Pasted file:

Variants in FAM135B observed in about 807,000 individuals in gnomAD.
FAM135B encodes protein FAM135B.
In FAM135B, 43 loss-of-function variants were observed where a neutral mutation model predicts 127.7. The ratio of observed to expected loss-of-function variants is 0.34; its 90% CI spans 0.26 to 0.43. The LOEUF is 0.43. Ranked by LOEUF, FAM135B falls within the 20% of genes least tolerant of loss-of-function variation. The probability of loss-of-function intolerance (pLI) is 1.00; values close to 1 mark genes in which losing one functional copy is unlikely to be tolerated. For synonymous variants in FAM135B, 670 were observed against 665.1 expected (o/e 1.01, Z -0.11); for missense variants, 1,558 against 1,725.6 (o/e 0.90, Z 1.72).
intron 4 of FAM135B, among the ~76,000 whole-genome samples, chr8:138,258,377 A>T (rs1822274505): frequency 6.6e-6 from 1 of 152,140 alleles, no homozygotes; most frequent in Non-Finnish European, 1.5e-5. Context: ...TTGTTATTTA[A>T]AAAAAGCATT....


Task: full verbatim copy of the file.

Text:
Variants in FAM135B observed in about 807,000 individuals in gnomAD.
FAM135B encodes protein FAM135B.
In FAM135B, 43 loss-of-function variants were observed where a neutral mutation model predicts 127.7. The ratio of observed to expected loss-of-function variants is 0.34; its 90% CI spans 0.26 to 0.43. The LOEUF is 0.43. Ranked by LOEUF, FAM135B falls within the 20% of genes least tolerant of loss-of-function variation. The probability of loss-of-function intolerance (pLI) is 1.00; values close to 1 mark genes in which losing one functional copy is unlikely to be tolerated. For synonymous variants in FAM135B, 670 were observed against 665.1 expected (o/e 1.01, Z -0.11); for missense variants, 1,558 against 1,725.6 (o/e 0.90, Z 1.72).
intron 4 of FAM135B, among the ~76,000 whole-genome samples, chr8:138,258,377 A>T (rs1822274505): frequency 6.6e-6 from 1 of 152,140 alleles, no homozygotes; most frequent in Non-Finnish European, 1.5e-5. Context: ...TTGTTATTTA[A>T]AAAAAGCATT....